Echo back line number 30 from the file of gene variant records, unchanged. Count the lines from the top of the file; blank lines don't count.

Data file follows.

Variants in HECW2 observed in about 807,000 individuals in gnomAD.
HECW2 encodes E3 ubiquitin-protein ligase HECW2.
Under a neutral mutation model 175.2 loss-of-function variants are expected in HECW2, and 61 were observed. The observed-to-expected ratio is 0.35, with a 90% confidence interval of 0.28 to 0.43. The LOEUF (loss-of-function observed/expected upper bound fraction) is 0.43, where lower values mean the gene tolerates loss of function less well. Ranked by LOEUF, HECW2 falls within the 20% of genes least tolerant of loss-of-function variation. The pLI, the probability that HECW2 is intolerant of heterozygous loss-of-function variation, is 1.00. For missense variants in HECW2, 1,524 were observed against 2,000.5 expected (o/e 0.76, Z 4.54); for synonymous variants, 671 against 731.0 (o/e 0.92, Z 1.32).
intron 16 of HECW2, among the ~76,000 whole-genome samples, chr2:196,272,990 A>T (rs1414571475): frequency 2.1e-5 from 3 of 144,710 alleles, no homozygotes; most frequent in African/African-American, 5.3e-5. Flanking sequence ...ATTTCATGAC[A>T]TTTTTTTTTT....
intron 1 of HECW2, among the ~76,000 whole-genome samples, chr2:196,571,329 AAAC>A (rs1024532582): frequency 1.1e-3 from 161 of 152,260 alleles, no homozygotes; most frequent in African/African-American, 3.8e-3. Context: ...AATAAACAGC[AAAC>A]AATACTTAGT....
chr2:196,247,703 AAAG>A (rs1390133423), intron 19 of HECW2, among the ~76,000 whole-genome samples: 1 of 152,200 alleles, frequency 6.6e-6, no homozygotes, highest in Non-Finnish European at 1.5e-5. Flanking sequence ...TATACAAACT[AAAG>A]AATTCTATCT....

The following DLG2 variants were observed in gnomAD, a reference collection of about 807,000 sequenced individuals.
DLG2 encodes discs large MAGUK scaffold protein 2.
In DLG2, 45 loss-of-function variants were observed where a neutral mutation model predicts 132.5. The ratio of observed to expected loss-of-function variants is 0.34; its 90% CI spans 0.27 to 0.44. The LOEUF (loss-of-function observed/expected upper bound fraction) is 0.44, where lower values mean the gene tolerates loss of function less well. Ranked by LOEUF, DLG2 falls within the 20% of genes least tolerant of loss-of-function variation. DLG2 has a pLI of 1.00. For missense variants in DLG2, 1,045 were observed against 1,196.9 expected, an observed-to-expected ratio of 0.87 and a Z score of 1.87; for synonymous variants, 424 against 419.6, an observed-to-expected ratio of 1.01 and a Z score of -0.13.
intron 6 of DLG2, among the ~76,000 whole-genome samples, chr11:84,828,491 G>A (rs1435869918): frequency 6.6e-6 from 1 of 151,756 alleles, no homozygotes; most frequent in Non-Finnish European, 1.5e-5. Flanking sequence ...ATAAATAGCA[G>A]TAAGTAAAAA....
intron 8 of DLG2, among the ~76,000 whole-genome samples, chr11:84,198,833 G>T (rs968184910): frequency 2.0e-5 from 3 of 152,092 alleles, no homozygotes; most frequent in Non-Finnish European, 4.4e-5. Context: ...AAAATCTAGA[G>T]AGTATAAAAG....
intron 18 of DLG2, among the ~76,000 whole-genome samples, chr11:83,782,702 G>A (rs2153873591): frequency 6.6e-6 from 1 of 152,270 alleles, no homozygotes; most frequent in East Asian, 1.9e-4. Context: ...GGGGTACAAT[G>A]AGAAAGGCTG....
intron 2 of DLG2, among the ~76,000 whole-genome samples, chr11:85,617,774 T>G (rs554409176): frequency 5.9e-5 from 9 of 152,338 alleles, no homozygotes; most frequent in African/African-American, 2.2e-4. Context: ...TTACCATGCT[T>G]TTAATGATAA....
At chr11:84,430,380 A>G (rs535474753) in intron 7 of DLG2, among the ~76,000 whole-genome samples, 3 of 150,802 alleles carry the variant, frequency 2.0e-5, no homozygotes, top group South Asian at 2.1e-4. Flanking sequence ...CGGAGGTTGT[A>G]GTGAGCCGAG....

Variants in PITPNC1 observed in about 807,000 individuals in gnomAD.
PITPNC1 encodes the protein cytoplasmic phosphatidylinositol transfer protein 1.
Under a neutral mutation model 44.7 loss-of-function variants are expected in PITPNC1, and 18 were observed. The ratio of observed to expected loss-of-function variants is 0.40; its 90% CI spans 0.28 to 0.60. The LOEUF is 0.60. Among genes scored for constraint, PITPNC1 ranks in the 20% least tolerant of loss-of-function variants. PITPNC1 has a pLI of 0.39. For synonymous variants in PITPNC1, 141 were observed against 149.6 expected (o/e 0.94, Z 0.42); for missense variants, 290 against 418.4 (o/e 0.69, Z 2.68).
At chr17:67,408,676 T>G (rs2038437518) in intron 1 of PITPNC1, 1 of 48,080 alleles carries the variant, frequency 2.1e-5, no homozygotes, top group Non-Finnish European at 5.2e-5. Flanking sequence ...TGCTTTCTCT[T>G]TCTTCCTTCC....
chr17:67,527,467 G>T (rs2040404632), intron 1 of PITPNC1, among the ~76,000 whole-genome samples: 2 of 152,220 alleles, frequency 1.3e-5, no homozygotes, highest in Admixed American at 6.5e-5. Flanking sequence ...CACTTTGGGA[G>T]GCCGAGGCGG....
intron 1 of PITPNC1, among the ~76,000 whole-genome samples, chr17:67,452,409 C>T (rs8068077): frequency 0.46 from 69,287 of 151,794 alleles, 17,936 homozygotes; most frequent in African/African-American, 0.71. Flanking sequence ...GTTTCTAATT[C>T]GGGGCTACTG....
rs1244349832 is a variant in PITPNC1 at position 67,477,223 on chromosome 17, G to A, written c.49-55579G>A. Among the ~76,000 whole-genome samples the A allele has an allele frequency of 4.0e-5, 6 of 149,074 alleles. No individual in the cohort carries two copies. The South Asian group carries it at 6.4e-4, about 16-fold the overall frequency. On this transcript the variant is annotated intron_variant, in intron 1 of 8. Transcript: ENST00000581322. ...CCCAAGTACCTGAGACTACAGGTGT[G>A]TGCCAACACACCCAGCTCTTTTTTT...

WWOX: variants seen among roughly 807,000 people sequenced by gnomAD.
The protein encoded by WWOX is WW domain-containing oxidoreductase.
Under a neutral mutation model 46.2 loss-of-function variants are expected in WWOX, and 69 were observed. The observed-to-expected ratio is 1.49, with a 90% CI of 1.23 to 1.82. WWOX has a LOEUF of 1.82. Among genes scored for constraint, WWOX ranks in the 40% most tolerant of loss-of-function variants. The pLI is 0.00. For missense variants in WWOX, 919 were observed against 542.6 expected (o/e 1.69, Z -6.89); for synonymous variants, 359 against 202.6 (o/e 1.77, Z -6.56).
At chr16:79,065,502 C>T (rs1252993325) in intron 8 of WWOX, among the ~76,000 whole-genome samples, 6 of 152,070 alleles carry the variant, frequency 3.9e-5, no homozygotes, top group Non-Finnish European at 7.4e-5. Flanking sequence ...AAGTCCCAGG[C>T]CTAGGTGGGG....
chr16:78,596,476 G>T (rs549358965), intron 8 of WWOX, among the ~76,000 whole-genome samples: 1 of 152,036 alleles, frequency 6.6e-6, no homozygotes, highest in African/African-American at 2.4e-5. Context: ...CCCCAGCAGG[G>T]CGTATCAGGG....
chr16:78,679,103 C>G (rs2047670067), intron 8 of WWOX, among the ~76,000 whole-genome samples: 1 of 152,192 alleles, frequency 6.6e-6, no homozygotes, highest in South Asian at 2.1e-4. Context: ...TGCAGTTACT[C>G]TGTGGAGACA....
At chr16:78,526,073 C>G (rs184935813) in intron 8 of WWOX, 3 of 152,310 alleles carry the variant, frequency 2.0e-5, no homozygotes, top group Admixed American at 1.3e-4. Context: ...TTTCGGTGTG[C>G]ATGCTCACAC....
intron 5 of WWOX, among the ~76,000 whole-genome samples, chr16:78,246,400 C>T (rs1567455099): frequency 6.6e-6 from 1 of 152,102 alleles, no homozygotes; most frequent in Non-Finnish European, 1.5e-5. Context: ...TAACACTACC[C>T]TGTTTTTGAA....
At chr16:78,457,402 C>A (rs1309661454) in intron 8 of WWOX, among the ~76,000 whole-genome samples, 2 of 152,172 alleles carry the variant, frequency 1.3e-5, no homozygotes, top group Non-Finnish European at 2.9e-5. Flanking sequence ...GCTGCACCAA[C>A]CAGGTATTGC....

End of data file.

At chr16:78,457,402 C>A (rs1309661454) in intron 8 of WWOX, among the ~76,000 whole-genome samples, 2 of 152,172 alleles carry the variant, frequency 1.3e-5, no homozygotes, top group Non-Finnish European at 2.9e-5. Flanking sequence ...GCTGCACCAA[C>A]CAGGTATTGC....